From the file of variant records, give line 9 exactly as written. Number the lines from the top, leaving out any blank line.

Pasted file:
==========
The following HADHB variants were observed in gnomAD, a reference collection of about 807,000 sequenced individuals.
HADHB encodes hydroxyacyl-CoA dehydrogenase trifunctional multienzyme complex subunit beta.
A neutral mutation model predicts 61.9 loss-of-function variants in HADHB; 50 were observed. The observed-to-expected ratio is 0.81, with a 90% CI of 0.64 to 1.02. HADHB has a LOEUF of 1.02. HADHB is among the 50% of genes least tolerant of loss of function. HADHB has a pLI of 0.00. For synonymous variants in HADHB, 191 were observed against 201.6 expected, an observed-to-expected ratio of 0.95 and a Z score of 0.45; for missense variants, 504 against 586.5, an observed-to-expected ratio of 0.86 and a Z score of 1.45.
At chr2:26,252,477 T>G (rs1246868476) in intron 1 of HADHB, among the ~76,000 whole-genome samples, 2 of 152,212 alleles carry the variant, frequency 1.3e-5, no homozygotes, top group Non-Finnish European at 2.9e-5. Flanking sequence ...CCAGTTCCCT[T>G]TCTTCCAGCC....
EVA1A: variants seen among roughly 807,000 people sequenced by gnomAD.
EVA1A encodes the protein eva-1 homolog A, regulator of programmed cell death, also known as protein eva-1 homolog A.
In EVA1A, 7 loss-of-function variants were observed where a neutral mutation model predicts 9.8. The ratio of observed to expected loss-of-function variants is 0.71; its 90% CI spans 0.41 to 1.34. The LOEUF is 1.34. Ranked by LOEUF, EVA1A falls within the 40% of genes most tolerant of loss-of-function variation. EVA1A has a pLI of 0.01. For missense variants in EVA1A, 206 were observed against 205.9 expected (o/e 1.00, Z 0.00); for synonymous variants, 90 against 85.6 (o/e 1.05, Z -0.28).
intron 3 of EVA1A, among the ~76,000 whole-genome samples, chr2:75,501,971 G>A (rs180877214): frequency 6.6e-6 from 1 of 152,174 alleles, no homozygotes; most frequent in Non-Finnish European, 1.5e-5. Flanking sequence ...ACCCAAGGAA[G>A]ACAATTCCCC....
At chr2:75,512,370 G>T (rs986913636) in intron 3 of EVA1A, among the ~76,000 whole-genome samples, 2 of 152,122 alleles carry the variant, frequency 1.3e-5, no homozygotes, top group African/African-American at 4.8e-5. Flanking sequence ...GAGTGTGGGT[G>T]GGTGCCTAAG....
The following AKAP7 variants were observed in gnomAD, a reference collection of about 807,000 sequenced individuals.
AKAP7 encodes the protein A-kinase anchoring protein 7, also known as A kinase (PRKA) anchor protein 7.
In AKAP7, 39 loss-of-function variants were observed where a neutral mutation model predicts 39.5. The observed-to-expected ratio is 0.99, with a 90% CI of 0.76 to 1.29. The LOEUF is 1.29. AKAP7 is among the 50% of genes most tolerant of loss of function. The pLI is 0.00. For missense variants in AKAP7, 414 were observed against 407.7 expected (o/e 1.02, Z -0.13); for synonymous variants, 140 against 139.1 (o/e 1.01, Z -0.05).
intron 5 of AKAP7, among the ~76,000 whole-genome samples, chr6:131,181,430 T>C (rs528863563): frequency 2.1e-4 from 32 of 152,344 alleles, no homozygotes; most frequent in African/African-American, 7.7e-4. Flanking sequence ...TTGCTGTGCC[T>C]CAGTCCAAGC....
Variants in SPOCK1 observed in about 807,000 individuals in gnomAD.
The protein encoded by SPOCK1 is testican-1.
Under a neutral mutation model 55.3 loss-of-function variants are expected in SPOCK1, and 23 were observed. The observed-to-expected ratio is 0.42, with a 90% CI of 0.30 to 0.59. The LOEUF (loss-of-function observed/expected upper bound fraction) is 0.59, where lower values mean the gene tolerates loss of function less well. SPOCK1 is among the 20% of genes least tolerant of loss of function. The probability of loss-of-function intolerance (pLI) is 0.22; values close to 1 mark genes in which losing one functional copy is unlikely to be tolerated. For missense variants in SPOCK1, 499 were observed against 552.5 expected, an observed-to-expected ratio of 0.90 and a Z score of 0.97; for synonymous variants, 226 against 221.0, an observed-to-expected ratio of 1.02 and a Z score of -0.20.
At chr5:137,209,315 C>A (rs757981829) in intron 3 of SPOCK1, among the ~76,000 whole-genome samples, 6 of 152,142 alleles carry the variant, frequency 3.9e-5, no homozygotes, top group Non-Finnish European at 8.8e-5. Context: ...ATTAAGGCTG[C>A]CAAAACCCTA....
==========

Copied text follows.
At chr2:75,512,370 G>T (rs986913636) in intron 3 of EVA1A, among the ~76,000 whole-genome samples, 2 of 152,122 alleles carry the variant, frequency 1.3e-5, no homozygotes, top group African/African-American at 4.8e-5. Flanking sequence ...GAGTGTGGGT[G>T]GGTGCCTAAG....